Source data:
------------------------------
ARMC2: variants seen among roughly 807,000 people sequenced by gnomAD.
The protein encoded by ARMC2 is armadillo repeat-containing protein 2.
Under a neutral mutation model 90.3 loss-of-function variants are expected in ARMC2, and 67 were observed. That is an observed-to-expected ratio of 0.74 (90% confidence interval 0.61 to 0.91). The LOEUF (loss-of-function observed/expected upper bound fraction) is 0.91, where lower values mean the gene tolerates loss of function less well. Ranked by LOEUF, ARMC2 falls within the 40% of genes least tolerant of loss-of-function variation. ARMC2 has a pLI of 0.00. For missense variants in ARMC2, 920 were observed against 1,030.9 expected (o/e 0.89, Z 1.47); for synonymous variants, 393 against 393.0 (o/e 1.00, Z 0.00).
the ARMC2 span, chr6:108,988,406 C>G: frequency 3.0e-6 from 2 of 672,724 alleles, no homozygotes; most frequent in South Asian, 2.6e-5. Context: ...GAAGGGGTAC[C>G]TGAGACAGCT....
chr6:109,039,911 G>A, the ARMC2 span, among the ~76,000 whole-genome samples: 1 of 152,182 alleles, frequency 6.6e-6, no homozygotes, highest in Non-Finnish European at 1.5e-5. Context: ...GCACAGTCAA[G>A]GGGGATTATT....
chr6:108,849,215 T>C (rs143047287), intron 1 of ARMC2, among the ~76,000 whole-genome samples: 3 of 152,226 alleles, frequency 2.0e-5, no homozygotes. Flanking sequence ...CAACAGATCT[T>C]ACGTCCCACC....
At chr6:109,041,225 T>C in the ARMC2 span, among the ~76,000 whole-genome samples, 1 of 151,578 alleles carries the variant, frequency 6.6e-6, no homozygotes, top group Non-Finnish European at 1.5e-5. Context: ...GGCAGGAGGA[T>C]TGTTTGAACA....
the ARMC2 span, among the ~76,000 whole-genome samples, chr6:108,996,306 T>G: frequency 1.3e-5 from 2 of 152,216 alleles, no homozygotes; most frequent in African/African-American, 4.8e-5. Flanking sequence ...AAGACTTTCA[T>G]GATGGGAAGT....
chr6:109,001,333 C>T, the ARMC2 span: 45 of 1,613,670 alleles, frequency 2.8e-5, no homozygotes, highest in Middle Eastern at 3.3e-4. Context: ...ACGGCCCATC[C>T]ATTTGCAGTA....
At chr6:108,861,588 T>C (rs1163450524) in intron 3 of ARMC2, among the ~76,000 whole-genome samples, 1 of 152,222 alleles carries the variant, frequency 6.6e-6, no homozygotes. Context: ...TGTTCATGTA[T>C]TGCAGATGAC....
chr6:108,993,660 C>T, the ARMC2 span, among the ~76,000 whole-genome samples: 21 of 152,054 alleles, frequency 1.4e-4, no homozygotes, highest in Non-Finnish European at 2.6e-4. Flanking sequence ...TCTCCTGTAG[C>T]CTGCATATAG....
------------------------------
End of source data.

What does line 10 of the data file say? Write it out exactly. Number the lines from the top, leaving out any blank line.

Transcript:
At chr6:108,861,588 T>C (rs1163450524) in intron 3 of ARMC2, among the ~76,000 whole-genome samples, 1 of 152,222 alleles carries the variant, frequency 6.6e-6, no homozygotes. Context: ...TGTTCATGTA[T>C]TGCAGATGAC....